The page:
In New York, Fate Of R.E. Ginna Deal Is In Public Service Commission's Hands

The New York Public Services Commission is listening, and on the line is a deal struck by Rochester Gas & Electric and Exelon Corporation, the owners of the R.E. Ginna Nuclear Power Plant in Ontario, New York, that Exelon says will keep the nuclear power plant in the black through 2017 and possibly beyond.

The three-year and a half year deal represents a BandAid fix to an economic fault line in which falling natural gas prices and stagnant demand have put nuclear power plants on the edge of closure. Three Exelon plants in Illinois face similar revenue problems and the Vermont Yankee plant closed at the end of 2014 due to economic reasons.

Exelon has also said Ginna could have to close. That forced RG&E and Exelon to negotiate a deal for which public hearings were held this week.

The deal, which will cost customers $6.11 a month to start – a surcharge that will diminish over time -- will raise revenue by $175 million.

At the first public hearing in Webster, N.Y., hundreds of Ginna supporters showed up, according to the Rochester Chronicle and Democrat. The primary reason many showed up wearing “I support Ginna” tee-shirts is that the hearing was held less than seven miles from the plant. Webster is a company town, the newspaper said.

The message, loud and clear, was that $6.11 per month was well worth the price for keeping Ginna running.

The deal would end in 2018, at which point, RG&E says it will have transmission infrastructure in place that will allow it to import electricity from other sources, which would ensure grid reliability.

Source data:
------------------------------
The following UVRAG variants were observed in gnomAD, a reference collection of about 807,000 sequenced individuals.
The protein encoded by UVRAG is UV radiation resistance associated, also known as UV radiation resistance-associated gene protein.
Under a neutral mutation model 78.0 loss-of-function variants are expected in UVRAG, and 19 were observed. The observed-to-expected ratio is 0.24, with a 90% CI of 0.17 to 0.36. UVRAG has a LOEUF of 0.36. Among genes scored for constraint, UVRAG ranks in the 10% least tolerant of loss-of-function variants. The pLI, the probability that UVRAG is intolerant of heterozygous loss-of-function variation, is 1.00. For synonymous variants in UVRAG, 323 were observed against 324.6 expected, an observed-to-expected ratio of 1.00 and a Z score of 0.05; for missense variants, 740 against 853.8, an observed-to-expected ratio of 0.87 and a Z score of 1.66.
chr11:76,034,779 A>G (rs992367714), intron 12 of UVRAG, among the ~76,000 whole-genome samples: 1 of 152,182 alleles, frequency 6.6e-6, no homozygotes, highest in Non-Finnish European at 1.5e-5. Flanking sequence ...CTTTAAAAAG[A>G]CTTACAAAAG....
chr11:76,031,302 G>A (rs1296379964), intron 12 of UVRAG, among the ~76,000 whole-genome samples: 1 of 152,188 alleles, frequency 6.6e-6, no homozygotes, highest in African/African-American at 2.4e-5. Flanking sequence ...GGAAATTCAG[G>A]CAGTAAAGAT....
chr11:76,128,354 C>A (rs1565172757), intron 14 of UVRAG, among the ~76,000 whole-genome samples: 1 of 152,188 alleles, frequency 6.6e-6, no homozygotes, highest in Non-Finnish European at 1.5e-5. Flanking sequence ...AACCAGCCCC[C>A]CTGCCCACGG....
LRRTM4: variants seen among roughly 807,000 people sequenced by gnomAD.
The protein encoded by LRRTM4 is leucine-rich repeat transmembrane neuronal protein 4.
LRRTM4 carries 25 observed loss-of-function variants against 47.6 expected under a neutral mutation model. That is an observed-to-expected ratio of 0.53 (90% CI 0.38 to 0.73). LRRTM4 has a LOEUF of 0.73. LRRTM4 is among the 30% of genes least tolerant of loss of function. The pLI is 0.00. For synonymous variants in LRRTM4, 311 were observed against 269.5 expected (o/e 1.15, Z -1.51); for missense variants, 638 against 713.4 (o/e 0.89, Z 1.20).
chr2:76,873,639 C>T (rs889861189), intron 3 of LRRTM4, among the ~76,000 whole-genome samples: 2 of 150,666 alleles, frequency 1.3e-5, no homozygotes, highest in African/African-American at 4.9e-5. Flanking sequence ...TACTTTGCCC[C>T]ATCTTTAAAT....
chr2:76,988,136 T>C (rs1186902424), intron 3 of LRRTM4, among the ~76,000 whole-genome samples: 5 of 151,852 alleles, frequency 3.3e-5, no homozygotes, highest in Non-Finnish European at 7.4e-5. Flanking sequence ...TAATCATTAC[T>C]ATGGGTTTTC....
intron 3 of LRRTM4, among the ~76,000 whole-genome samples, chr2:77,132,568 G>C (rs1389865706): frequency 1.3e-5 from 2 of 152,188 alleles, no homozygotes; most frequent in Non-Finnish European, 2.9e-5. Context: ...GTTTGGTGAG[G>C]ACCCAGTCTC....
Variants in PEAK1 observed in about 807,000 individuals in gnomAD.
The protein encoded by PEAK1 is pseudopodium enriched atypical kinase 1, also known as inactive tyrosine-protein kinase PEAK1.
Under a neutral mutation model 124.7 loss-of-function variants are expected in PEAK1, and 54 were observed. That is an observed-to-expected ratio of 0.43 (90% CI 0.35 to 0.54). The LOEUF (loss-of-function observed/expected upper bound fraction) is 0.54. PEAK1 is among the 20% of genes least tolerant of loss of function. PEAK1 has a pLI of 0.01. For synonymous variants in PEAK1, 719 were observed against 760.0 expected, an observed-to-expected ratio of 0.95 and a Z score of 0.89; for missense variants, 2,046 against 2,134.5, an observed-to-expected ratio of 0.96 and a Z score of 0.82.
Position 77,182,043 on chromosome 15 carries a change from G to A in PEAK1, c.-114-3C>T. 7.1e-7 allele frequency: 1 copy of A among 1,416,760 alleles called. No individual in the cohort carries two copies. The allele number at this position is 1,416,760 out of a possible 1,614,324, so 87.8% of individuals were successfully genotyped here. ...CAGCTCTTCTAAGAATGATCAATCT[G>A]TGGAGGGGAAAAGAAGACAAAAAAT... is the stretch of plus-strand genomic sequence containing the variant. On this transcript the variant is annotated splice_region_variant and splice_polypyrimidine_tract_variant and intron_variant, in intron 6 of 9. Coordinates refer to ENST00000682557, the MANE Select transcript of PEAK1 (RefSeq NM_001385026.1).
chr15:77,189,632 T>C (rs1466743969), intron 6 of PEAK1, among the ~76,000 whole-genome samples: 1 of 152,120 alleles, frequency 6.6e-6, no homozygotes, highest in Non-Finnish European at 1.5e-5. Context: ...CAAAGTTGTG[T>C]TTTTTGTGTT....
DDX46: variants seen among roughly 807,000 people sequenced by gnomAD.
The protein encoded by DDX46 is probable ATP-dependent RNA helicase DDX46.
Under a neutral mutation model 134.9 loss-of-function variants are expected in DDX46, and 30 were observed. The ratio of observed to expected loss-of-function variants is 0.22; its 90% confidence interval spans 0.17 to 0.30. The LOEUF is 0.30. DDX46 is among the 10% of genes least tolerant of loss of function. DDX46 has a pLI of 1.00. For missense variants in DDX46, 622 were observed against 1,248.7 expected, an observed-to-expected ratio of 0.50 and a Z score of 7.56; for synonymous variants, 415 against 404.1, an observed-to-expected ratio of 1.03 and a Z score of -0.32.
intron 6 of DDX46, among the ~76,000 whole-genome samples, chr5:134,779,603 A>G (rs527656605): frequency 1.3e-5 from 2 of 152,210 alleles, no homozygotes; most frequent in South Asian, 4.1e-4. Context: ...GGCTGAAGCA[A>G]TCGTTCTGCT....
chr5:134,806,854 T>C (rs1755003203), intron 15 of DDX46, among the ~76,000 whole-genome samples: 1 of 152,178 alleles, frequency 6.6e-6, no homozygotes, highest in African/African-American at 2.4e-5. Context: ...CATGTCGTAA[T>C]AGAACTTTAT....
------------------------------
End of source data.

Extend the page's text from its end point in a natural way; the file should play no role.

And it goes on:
In Webster on Wednesday, one customer said no, emphatically. Rod Kucera, plant manager of manufacturing business Pactiv Canandaigua said the annual electric bill of $4.5 million last year would go up by $1.8 million over 3 ½ years if the PSC approved the deal.

On Thursday, in a letter made public in the second of two public hearings, the President of the University of Rochester Joel Seligman wrote that the university would see its electric bill go up by $3 million if the deal was approved.

The PSC now deliberates over the case. Even RG&E has said it cannot guarantee grid reliability if Ginna closes. So, the question remains for the PSC to decide if it’s worth the price.

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  • Anonymous

    VERY Good article!

    We will find out whether sheer fear wins over fact and reason shortly.

    Two points please:

    I thought GLOBAL WARMING meant we're ALL in the same boat called Earth and that to my knowledge no one's managed to seal off their territory's own atmosphere from everyone elses. So it behooves us all to push nukes in every country we can instead of just sitting idly by, watching them shutter while pumping fossil fuels instead while icecaps melt.

    Regarding Germany and Japan; Maybe I'm ultra-dense but I've yet heard a rational of just WHY you'd shut down your own plants based an elsewhere incident caused by a once in ten lifetimes event and rare worst reactor failures (3 chances for Doomsday in a row!!!) that killed no one at the plant and only caused local damage within its gates (let's overlook the oil and gas facility fatalities and pollution in Tokyo during the same quake.)

    James Greenidge

    Queens NY